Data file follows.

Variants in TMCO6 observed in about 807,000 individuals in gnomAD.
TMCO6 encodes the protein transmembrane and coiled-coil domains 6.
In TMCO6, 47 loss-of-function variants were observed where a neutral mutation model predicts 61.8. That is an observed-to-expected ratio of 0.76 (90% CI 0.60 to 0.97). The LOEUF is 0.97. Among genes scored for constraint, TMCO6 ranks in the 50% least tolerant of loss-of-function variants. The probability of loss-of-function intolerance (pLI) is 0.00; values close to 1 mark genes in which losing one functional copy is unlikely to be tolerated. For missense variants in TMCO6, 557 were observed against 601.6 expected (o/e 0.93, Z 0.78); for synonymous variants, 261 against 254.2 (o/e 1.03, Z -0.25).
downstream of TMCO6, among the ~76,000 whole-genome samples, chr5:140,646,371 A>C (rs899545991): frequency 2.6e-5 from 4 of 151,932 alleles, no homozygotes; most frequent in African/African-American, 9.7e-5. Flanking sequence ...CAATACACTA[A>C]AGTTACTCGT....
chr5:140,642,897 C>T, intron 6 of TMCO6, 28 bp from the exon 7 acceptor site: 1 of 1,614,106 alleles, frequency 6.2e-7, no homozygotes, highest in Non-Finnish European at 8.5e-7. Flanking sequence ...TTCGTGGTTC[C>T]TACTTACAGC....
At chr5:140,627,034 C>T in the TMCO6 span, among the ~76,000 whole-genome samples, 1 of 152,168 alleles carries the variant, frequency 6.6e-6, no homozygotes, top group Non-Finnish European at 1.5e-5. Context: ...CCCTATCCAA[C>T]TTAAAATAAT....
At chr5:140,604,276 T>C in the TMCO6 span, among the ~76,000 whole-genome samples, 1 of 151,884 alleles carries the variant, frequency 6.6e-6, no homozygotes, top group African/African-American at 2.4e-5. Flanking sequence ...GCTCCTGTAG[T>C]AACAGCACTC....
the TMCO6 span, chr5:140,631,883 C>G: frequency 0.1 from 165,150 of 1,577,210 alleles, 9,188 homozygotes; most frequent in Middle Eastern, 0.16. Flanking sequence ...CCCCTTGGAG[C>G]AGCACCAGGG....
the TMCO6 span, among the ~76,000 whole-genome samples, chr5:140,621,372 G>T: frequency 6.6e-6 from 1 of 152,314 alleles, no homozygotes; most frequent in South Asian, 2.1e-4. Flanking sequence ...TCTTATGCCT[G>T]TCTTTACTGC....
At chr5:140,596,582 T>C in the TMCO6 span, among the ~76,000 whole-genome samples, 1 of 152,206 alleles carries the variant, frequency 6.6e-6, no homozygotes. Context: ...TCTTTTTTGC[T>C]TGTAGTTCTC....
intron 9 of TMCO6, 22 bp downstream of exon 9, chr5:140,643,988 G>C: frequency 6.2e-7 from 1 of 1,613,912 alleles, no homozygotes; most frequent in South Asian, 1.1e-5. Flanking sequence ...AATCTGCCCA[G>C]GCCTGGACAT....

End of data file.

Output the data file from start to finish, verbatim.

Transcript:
Variants in TMCO6 observed in about 807,000 individuals in gnomAD.
TMCO6 encodes the protein transmembrane and coiled-coil domains 6.
In TMCO6, 47 loss-of-function variants were observed where a neutral mutation model predicts 61.8. That is an observed-to-expected ratio of 0.76 (90% CI 0.60 to 0.97). The LOEUF is 0.97. Among genes scored for constraint, TMCO6 ranks in the 50% least tolerant of loss-of-function variants. The probability of loss-of-function intolerance (pLI) is 0.00; values close to 1 mark genes in which losing one functional copy is unlikely to be tolerated. For missense variants in TMCO6, 557 were observed against 601.6 expected (o/e 0.93, Z 0.78); for synonymous variants, 261 against 254.2 (o/e 1.03, Z -0.25).
downstream of TMCO6, among the ~76,000 whole-genome samples, chr5:140,646,371 A>C (rs899545991): frequency 2.6e-5 from 4 of 151,932 alleles, no homozygotes; most frequent in African/African-American, 9.7e-5. Flanking sequence ...CAATACACTA[A>C]AGTTACTCGT....
chr5:140,642,897 C>T, intron 6 of TMCO6, 28 bp from the exon 7 acceptor site: 1 of 1,614,106 alleles, frequency 6.2e-7, no homozygotes, highest in Non-Finnish European at 8.5e-7. Flanking sequence ...TTCGTGGTTC[C>T]TACTTACAGC....
At chr5:140,627,034 C>T in the TMCO6 span, among the ~76,000 whole-genome samples, 1 of 152,168 alleles carries the variant, frequency 6.6e-6, no homozygotes, top group Non-Finnish European at 1.5e-5. Context: ...CCCTATCCAA[C>T]TTAAAATAAT....
At chr5:140,604,276 T>C in the TMCO6 span, among the ~76,000 whole-genome samples, 1 of 151,884 alleles carries the variant, frequency 6.6e-6, no homozygotes, top group African/African-American at 2.4e-5. Flanking sequence ...GCTCCTGTAG[T>C]AACAGCACTC....
the TMCO6 span, chr5:140,631,883 C>G: frequency 0.1 from 165,150 of 1,577,210 alleles, 9,188 homozygotes; most frequent in Middle Eastern, 0.16. Flanking sequence ...CCCCTTGGAG[C>G]AGCACCAGGG....
the TMCO6 span, among the ~76,000 whole-genome samples, chr5:140,621,372 G>T: frequency 6.6e-6 from 1 of 152,314 alleles, no homozygotes; most frequent in South Asian, 2.1e-4. Flanking sequence ...TCTTATGCCT[G>T]TCTTTACTGC....
At chr5:140,596,582 T>C in the TMCO6 span, among the ~76,000 whole-genome samples, 1 of 152,206 alleles carries the variant, frequency 6.6e-6, no homozygotes. Context: ...TCTTTTTTGC[T>C]TGTAGTTCTC....
intron 9 of TMCO6, 22 bp downstream of exon 9, chr5:140,643,988 G>C: frequency 6.2e-7 from 1 of 1,613,912 alleles, no homozygotes; most frequent in South Asian, 1.1e-5. Flanking sequence ...AATCTGCCCA[G>C]GCCTGGACAT....